Picture of Make a Hardwood Floor that looks 3D from your OWN Trees
   I have cut a lot of logs over the years and I have always been impressed at how beautiful some of the wood looks inside. I always wondered if there wasn't something I could do with it besides burn it for firewood. But how can you make anything from trees without the large scale professional tools and a mill? I discovered there is a way, but I warn you its not an easy project.

  A perfect project for this idea is to make a hardwood floor with wood from locally grown trees. There are three common hardwood trees in northeast Montana, they are the Ash, the Siberian Elm and the Russian Olive. Russian Olive wood is probably the most distinctive being almost chocolate colored, it is a very beautiful wood. However virtually  no one uses it for anything other than burning. Though it its the softest of the three woods it is still a hardwood so it will work for a floor. Russian Olive trees are usually not very big. They do not produce large straight trunks and they often grow crooked in many directions. This makes it a very poor candidate for milling or for even getting large pieces out of it. The Siberian elm is often thought of as a junk tree,  a nuisance and/or a weed tree. It puts out huge amounts of seeds in the spring which sprout everywhere and the seedlings are tough to remove once they get a foothold. It usually grows in more urban areas. The deer love to eat it so you don't find to many of them in the wooded areas.  There are many types of elms and  elm wood is known to be a beautiful wood, but also a difficult wood to work with. It has the tendency to split, crack and warp so it is not used that often for wood projects. The only tree in the group that has a good reputation is the the Ash. 

Almost all of the wood floors that you will come across are made of long boards. That's nice but it is a near impossibility  to get long lengths from these trees, especially without any kind of mill. So what can you do with short pieces? I finally found an answer to that while looking up yet more information on hardwood floors. There is a tiling method that uses a rhombus (a diamond or squashed square) and it requires small pieces of 3 different types or colors of wood. A perfect fit for what I have. You can see more information on rhombus tiling at this Wikipedia site.


Cutting up logs and turning them into 2 inch diamonds, yep a crazy idea. That's what I am going to show you how to do in this instructable.
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KellyCraig1 year ago

Cutting this way, the type of push stick you used is critical to the process. Otherwise, every piece would become a projectile.

To minimize material launches, mount a stop to your fence, or clamp it to the table. The stop should be wide enough to give each cut off a few inches more room between the blade and fence.

The wood would push against the stop, to give you the same cut your fence would have given you (like in your picture). However, because the stop is only wide enough allow you to repeat the cuts, the material would clear the stop before it hits the blade. I'd still use a push shoe like yours, rather than a stick, because it both pushes the wood through the blade and holds it down.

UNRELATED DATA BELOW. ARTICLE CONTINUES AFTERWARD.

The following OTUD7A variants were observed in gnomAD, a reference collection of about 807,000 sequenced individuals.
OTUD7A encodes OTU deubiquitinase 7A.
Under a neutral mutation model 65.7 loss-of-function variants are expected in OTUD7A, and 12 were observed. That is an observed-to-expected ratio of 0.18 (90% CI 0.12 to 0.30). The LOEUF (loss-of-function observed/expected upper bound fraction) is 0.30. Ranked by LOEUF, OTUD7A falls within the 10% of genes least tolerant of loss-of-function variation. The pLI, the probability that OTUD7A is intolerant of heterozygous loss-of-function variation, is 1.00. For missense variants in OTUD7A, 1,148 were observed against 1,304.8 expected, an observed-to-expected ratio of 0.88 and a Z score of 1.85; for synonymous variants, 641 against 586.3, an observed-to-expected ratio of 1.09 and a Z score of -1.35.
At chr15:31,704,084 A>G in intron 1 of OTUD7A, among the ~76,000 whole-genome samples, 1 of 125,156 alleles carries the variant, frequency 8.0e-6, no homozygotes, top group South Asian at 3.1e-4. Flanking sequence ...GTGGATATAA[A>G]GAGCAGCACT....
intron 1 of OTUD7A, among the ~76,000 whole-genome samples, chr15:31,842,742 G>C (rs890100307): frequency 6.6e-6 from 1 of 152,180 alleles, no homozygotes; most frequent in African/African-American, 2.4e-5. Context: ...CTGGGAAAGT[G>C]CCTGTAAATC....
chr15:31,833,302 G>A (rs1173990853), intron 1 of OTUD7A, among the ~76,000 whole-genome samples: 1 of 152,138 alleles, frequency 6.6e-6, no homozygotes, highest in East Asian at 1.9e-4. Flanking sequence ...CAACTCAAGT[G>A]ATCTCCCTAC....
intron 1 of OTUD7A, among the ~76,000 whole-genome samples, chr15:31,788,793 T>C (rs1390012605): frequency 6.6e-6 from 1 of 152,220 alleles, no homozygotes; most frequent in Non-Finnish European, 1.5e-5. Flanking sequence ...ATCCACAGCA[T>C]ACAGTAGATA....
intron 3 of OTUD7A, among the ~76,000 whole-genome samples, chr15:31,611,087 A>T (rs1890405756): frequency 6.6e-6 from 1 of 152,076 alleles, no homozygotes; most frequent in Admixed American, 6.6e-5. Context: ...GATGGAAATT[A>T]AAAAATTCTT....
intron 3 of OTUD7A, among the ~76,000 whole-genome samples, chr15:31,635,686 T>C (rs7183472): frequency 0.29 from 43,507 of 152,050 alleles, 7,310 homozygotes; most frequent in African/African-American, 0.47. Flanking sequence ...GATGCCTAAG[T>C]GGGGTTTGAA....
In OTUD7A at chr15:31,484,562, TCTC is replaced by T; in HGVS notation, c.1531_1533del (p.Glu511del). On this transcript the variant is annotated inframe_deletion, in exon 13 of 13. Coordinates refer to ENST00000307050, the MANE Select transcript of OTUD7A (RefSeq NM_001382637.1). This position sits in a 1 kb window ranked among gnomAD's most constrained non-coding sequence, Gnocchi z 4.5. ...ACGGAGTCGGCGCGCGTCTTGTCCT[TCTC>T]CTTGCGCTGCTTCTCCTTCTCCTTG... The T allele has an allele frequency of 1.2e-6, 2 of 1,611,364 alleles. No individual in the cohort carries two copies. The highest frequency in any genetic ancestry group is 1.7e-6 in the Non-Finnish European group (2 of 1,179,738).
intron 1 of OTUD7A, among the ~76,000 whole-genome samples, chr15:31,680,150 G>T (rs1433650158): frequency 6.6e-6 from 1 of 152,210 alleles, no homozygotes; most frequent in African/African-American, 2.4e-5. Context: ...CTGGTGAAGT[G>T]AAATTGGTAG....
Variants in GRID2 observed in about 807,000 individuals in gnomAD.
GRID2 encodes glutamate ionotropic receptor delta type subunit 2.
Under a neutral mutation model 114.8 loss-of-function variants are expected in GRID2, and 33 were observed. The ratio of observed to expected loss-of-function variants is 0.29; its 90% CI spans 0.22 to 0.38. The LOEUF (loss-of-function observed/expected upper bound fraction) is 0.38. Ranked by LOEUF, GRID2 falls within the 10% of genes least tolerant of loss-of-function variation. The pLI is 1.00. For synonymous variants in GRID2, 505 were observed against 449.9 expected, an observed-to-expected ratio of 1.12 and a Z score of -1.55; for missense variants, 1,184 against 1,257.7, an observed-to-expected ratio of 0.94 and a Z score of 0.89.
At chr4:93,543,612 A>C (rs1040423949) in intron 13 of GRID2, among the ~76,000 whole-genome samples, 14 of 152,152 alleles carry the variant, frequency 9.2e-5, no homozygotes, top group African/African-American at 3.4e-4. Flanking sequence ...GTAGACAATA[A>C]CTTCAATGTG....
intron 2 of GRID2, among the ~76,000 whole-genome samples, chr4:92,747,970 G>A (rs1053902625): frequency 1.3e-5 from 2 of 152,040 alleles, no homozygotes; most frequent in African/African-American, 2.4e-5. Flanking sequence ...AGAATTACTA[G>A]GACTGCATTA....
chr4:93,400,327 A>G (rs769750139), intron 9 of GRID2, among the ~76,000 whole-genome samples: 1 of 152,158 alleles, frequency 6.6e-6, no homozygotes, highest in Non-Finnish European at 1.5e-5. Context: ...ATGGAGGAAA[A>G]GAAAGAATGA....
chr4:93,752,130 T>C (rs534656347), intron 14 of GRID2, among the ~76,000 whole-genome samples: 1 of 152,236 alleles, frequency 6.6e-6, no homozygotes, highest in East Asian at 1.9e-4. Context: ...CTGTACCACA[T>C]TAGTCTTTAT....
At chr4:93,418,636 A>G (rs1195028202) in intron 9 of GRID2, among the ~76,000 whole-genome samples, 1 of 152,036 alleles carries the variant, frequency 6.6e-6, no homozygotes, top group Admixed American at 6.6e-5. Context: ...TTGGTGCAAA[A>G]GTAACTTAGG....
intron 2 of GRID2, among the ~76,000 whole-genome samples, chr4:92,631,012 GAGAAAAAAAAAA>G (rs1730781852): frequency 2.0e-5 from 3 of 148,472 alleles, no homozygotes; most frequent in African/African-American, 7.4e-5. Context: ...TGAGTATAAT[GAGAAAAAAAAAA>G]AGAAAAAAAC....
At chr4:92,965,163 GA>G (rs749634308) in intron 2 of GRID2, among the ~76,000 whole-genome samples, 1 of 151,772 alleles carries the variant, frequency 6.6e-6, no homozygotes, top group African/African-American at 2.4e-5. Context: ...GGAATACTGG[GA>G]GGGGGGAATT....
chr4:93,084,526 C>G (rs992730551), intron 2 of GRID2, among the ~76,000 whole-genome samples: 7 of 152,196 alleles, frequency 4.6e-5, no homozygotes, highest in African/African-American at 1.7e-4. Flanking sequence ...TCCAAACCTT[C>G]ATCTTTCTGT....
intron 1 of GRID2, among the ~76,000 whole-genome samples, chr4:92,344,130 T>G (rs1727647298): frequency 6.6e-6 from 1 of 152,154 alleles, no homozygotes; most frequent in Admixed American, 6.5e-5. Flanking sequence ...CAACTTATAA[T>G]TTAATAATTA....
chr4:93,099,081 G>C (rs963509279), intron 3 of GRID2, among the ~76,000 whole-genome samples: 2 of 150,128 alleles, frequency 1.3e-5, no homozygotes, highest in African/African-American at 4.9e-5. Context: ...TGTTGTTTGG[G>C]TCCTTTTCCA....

Oh, and good job

Amazingly beautiful work. Very hard, tedious work but the look paid off! Thanks for sharing.

gmtanner2 years ago
I like it. I would be a great method for making a custom cutting board. I don't think I would be ambitious enough to cover an entire floor.
fretted2 years ago
Good gosh how large was the floor 2" pieces 3 at a tim must have taken forever to lay did you glue them down or lay them down with nailers i can imagine nailing all that down if it's a huge floor but man it sure is pretty

Great Job great Ible
hungyhipo 23 years ago
Very cool.
canucksgirl3 years ago
PROJECT OF THE DAY!!! Nice accomplishment for a great Instructable. Congrats. ;-)
dimmaz883 years ago
This is a great instructable. I love seeing wood go from tree to a finished product, it's awesome. You've inspired me to cut my own wood, I've just made my own thickness sander so I just need the chainsaw now :)

Keep up the good 'ibles.

mr.frob3 years ago
Love it!!
rimar20003 years ago
Master, this is a superb work!
Ninzerbean3 years ago
Hands down one of the best 'ibles ever, thank you for taking the time to share.
iceng3 years ago
Very intricate and good looking, I particularly enjoyed the dissertation on
wood properties hardness and ease of cutting in particular.

Not being near as capable in the arboreal to floor skill set.  

My wife has unearth so to speak a fact that the leafy branches of the
Russian Olive are rather poisonous to horses but not ponies who can
eat it whenever a wind tears a branch down. 
But let me feel that a prize Paint horse would enjoy munching on a
branch that I dragged to his paddock and I rack up life saving Veterinary
bills including a pricy life saving horse transfusion for poison for my 
altruism :-(

inaun3 years ago
Wow! That is a lot of work -- and beautiful results. You rock.

Not sure I'm up to that....but I've been eying the Russian Olive in my firewood pile thinking what a shame to burn that. You have inspired me to absolutly find a better use!
Vyger (author)  inaun3 years ago
The Russian Olive wood is an easier wood to work with so that is another plus for you. It is harder than pine and it doesn't have any sap or resin in it but it is softer than Oak or Ash. It very rarely smokes the saw blade or bogs it down. It finishes really nicely and because of the natural color does not need any stain.

Some states have started eradication programs because they consider the tree to be an invasive species. There is a debate still going on about it. What they should really do is just start harvesting the trees for the wood. Once it caught on in popularity lumbar companies would pay for the rights to harvest it.

There are all kinds of things you can do with smaller pieces. One of my early projects was a business card holder. I should also mention that it holds glue really well. Some woods don't stick together that well but olive bonds to the point that the glue bond is stronger than the wood itself.